I was once told that there was a link between the Dead Sea Scrolls and the Apocrypha…unless I understood (which is possible) I thought it to be true that the “reason” the Apocrypha was taking out was the it was in Greek and there was no proof that it was ever written in Hebrew. I then thought I heard that when the Dead Sea Scrolls were found there were fragments of the Apocrypha books written in Hebrew. Hence this is why the Apocrypha books are starting to appear in the back reference section of protestants bibles. Is this not true? I had a priest tell me last week that there is no link between the Apocrypha and the Dead Sea Scrolls. Is this right?
[quote=vlasinj]I was once told that there was a link between the Dead Sea Scrolls and the Apocrypha…unless I understood (which is possible) I thought it to be true that the “reason” the Apocrypha was taking out was the it was in Greek and there was no proof that it was ever written in Hebrew. I then thought I heard that when the Dead Sea Scrolls were found there were fragments of the Apocrypha books written in Hebrew. Hence this is why the Apocrypha books are starting to appear in the back reference section of protestants bibles. Is this not true? I had a priest tell me last week that there is no link between the Apocrypha and the Dead Sea Scrolls. Is this right?
Apocrypha is the term the protestants falsely use for the deuterocanonicals. There is no link between these books and the dead sea scrolls that I have ever heard. Apocrypha refers to writings that the author is unknown and they are heretical in nature basically. The dead sea scrolls includes some apocryphal books.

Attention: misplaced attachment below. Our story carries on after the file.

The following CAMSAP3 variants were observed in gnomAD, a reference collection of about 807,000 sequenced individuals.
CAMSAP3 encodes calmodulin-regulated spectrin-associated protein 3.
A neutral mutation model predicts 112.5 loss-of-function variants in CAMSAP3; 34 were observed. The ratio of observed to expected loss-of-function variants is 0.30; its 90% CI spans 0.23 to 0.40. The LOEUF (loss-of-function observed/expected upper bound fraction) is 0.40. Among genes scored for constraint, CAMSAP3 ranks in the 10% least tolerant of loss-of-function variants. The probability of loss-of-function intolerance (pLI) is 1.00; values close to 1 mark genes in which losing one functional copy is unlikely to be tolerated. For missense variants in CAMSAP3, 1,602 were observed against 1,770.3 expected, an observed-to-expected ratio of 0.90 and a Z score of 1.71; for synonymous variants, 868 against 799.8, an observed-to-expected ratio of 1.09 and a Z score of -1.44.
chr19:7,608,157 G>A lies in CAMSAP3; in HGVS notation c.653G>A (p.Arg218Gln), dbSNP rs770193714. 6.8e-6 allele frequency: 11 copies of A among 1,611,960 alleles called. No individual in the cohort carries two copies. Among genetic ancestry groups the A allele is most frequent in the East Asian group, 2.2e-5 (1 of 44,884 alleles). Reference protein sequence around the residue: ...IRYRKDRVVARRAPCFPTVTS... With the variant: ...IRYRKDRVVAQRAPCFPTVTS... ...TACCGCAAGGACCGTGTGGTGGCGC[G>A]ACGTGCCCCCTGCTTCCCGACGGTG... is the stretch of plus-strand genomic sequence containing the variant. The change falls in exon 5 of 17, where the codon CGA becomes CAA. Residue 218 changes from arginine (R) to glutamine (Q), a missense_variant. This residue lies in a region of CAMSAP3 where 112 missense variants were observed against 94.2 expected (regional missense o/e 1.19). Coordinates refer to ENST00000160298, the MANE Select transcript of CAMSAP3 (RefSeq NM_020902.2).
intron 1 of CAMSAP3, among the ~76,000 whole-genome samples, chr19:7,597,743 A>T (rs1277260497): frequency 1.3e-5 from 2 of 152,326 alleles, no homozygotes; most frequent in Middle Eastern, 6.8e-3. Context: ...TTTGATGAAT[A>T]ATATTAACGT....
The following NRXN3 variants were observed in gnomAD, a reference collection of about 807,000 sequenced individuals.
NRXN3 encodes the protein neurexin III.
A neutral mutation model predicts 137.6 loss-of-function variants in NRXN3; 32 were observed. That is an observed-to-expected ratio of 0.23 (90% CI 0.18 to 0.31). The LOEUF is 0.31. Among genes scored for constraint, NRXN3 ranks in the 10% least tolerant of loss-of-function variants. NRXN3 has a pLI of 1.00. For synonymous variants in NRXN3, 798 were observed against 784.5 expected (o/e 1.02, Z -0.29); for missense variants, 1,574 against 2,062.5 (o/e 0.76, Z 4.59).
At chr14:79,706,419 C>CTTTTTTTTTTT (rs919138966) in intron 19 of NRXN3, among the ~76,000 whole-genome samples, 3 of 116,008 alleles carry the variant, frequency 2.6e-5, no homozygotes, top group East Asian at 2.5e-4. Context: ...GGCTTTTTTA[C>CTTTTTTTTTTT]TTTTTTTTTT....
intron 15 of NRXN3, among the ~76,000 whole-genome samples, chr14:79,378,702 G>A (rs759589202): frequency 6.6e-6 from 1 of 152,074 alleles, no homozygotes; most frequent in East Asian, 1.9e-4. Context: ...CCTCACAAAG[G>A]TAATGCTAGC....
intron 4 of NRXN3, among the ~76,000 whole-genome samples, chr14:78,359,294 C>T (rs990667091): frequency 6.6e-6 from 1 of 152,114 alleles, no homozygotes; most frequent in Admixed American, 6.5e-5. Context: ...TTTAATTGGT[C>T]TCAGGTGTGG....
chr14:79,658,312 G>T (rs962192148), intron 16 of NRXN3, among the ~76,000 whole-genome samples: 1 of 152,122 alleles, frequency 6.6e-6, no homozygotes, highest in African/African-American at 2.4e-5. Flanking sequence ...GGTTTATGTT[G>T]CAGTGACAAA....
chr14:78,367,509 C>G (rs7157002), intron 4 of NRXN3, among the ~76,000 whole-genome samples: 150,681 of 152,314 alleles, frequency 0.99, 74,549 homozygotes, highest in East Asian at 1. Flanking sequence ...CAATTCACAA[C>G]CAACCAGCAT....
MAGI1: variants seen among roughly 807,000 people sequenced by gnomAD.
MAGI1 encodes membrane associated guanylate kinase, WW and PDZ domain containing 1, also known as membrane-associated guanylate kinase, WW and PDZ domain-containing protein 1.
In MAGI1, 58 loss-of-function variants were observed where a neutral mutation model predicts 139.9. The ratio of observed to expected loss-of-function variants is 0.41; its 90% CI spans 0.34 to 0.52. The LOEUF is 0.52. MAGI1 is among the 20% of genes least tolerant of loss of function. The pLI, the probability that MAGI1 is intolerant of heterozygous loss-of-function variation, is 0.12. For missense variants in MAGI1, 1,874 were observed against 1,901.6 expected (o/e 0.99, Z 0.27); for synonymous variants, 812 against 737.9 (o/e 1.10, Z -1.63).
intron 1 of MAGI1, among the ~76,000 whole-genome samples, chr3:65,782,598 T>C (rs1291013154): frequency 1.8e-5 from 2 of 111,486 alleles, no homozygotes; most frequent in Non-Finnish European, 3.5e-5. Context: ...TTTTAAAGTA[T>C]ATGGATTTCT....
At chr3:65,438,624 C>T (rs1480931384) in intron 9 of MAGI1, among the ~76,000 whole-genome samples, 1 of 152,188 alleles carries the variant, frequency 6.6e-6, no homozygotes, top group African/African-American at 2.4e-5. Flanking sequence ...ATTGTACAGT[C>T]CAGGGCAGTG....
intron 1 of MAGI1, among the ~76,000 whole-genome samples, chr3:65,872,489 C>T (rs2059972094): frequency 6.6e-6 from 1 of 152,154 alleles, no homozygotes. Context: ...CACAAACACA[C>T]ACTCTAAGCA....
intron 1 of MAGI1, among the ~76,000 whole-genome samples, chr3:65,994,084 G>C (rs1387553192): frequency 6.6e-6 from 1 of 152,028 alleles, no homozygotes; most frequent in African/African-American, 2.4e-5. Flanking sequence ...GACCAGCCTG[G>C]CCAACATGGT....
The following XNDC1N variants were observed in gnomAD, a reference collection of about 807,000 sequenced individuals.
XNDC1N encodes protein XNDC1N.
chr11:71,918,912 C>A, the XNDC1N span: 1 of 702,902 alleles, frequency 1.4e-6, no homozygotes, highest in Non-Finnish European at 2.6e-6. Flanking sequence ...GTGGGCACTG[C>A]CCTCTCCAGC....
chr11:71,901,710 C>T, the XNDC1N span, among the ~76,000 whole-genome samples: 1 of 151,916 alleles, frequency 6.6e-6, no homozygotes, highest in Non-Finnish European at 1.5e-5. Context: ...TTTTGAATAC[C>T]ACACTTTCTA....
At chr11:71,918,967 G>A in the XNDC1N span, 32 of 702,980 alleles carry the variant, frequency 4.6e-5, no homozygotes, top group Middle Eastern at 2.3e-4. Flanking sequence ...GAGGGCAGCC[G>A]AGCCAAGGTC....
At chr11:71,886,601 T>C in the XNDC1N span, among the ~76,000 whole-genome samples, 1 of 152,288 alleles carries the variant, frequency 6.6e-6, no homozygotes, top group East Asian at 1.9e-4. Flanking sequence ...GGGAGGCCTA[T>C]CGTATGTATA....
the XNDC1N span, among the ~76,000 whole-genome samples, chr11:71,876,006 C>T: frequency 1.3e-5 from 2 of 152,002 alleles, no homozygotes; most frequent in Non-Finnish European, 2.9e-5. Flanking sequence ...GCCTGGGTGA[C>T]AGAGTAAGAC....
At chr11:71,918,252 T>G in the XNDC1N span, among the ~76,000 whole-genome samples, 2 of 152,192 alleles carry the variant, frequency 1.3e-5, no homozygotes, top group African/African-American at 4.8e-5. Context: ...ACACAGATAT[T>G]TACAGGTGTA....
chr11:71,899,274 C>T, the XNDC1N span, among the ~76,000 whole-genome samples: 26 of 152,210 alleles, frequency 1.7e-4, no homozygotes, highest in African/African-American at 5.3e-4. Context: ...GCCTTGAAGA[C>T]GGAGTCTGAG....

In fact, portions of some of the deuterocanonical books that were rejected by some because they were only in Greek, were found with the Dead Sea Scrolls – in Hebrew.
Here is an excerpt from an interesting article in the Jewish Virtual Library:
The biblical texts display considerable similarity to the standard Masoretic (received) text. This, however, is not always the rule, and many texts diverge from the Masoretic. For example, some of the texts of Samuel from Cave 4 follow the Septuagint, the Greek version of the Bible translated in the third to second centuries B.C.E. Indeed. Qumran has yielded copies of the Septuagint in Greek.
The biblical scrolls in general have provided many new readings that facilitate the reconstruction of the textual history of the Old Testament. It is also significant that several manuscripts of the Bible, including the Leviticus Scroll are inscribed not in the Jewish script dominant at the time but rather in the ancient paleo-Hebrew script.
A considerable number of apocryphal and pseudepigraphic texts are preserved at Qumran, where original Hebrew and Aramaic versions of these Jewish compositions of the Second Temple period were first encountered. These writings, which arc not included in the canonical Jewish scriptures, were preserved by different Christian churches and were transmitted in Greek, Ethiopic, Syriac, Armenian, and other translations.